Maximize the impact of your clients’ involvement in two ways: (1) create case study documents to reinforce the overall marketing message (intended takeaway) from your clients’ stories and (2) give your clients enough room to interact with attendees on their own. The latter suggestion is important because, if you are hovering awkwardly as your clients attempt to connect with attendees, the attendees will wonder if there’s something unpleasant you’re hoping your client doesn’t mention. Whether their encounter ends up being awesome or awkward, the image portrayed by offering in person access to your top clients will resonate with your visitors long after the event is over.
Aside: Although you completely trust your top clients, it may be wise to include them in a brief pre-show training (or at least a quick discussion of your goals, etc.) to ensure that the experience is positive for everyone. You might even find that they are appreciative of any direction you can provide so they can be as helpful as they’d like to be.
Finally, it’s an opportunity to improve your relationship with those clients.
There’s something about trade shows that brings people together… They remind me a little bit of summer camp because (if you’re doing things correctly) even though your show might only be three days, by the time it’s over, you will have created memories that last much longer. Maybe it’s the planning, the travel, the unique activities, the old friends meeting again, or something else entirely; but, whatever “it” is, it’d be a lot harder to convince anyone to participate if that summer camp factor didn’t exist …and who better to experience “it” with than (you guessed it) your best clients?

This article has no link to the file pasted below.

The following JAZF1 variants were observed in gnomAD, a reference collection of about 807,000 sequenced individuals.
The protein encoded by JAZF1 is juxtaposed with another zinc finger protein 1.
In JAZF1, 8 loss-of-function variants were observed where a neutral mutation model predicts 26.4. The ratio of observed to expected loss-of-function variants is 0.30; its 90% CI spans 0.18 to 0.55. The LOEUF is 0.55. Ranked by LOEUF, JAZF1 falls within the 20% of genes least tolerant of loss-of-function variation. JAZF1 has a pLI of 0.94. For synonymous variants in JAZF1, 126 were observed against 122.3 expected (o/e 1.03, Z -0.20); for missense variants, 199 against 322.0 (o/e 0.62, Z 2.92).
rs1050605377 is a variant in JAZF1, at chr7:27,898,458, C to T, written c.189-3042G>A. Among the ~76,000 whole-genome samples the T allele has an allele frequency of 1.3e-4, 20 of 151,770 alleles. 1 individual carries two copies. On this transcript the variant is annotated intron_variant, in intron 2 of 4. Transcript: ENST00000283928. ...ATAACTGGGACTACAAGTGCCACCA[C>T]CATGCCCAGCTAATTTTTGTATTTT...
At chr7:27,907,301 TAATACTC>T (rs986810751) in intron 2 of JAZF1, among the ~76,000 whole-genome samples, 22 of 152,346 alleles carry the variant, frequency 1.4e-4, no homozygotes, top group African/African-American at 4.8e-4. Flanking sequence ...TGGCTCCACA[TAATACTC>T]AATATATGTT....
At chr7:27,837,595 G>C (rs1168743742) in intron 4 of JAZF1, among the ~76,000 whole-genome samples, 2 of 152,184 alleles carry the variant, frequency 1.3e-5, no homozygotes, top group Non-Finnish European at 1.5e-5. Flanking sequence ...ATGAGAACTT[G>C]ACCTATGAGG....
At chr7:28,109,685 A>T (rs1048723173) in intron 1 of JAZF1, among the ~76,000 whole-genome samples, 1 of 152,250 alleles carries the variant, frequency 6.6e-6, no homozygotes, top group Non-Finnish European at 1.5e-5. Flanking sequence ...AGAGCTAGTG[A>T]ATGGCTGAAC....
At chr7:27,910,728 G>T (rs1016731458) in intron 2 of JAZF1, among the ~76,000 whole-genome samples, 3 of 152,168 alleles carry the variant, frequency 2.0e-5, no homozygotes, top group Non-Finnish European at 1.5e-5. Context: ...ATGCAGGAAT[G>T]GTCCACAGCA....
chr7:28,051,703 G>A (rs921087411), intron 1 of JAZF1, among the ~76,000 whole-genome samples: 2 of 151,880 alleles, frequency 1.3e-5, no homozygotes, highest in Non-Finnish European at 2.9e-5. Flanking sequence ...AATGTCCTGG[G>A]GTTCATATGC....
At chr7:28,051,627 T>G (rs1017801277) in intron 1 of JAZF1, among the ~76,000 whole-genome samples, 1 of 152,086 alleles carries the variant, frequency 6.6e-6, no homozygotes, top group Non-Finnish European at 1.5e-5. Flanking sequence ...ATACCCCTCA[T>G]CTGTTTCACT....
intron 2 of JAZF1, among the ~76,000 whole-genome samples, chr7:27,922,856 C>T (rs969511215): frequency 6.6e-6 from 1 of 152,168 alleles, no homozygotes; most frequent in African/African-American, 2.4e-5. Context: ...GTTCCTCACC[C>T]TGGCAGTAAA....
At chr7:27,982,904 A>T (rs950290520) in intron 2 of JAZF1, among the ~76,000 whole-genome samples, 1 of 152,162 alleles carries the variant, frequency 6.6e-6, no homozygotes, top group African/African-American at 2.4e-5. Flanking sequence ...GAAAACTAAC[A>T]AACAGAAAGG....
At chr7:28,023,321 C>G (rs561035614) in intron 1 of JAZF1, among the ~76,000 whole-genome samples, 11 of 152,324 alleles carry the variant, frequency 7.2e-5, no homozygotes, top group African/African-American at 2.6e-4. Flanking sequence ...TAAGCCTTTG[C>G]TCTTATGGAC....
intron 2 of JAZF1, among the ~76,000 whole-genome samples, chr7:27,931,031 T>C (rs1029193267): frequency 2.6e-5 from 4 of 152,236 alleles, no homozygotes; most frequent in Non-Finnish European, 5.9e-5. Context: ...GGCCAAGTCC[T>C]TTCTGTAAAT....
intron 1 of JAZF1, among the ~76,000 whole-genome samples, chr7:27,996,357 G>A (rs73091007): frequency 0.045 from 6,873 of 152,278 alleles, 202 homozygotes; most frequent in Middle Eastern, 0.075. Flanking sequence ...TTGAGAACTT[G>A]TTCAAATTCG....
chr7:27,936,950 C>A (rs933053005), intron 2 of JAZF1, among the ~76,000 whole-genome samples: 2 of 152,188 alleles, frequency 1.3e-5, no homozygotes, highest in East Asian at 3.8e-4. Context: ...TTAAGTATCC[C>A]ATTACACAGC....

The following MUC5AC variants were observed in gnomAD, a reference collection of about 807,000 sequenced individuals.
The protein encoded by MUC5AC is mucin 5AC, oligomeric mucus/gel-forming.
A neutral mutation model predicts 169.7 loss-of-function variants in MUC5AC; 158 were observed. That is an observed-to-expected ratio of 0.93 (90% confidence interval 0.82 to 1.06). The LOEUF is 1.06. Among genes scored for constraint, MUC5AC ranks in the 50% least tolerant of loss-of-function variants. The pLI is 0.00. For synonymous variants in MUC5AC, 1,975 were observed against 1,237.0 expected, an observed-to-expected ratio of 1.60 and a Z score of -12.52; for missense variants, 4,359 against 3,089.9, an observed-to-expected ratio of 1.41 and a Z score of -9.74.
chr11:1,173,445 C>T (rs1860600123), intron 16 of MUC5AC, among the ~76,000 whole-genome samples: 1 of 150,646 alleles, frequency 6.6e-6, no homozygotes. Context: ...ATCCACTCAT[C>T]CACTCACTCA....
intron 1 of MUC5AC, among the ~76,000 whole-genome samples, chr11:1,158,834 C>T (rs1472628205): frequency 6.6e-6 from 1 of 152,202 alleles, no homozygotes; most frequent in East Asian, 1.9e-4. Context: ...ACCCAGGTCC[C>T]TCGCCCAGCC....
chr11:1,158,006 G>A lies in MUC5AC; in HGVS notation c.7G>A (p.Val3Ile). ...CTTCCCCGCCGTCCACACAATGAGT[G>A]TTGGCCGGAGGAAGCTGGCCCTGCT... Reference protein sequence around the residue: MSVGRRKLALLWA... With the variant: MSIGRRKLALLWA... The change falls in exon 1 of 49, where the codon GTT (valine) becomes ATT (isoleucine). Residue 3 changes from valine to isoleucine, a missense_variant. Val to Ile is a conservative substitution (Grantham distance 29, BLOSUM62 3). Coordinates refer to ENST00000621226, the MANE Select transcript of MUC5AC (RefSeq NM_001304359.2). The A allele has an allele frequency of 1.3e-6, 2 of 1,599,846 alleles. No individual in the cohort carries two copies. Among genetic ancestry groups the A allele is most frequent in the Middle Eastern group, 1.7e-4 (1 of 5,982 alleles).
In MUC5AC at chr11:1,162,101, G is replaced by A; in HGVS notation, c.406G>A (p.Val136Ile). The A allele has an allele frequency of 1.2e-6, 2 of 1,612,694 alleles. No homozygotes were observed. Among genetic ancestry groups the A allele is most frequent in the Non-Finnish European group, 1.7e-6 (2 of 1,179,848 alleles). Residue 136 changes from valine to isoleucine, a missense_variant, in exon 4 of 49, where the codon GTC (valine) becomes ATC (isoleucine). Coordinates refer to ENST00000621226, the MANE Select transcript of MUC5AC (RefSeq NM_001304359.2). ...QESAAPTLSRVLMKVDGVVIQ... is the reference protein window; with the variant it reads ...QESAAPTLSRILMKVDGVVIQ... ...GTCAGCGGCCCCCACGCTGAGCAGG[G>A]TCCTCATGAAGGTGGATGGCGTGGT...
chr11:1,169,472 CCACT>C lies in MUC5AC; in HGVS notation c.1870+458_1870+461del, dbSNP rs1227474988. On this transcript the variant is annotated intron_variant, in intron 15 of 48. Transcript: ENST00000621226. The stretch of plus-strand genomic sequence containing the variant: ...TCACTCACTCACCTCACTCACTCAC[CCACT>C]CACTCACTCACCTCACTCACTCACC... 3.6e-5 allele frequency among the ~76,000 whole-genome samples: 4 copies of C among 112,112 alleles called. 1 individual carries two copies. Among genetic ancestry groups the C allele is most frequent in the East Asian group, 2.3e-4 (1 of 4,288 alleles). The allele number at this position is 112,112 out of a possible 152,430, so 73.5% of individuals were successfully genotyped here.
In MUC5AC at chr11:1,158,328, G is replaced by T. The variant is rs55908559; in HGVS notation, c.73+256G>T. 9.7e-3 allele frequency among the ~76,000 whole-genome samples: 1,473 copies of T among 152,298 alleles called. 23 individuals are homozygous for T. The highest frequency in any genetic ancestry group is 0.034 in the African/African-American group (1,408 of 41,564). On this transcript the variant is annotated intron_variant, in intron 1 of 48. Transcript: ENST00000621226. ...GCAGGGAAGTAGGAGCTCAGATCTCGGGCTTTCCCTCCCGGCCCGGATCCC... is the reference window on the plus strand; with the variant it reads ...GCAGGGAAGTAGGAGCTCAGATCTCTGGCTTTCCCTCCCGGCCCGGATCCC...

In a typical encounter with your clients, you are likely to be focused on their business needs, their current situation, and anything your company can do to help them accomplish their goals. However, when your clients are helping you with your trade show, you’re still a little bit focused on them (after all, they will always be your clients), but you’re mostly focused on your exhibiting efforts and improving your own results. This causes the dynamic to shift providing a unique opportunity to bring your relationship to a new level.
Take advantage of quality time with your top clients to share more about yourself and to get to know them in a new way. Enjoy your interactions and make note of any unexpected common ground (ie. do you share a favorite sport or least favorite food? These might sound like little things, but it’s often the littlest things that help connections grow in the biggest ways). Don’t lose sight of your purpose in getting together (to maximize your exhibiting return on investment) or your role in the relationship (again, they will always be your clients; make sure that you’re acting appropriately around them), but appreciate this time as much as you can.
Trade show planning can be tough (and booth staff selection is no exception) but, now that you know three great reasons to consider including your current clients, perhaps choosing your next trade show team will be less of a chore. Have you ever included a current client in your exhibiting efforts? What was the biggest benefit? Can you think of any other reasons why they shouldn’t be overlooked during the booth staff selection process?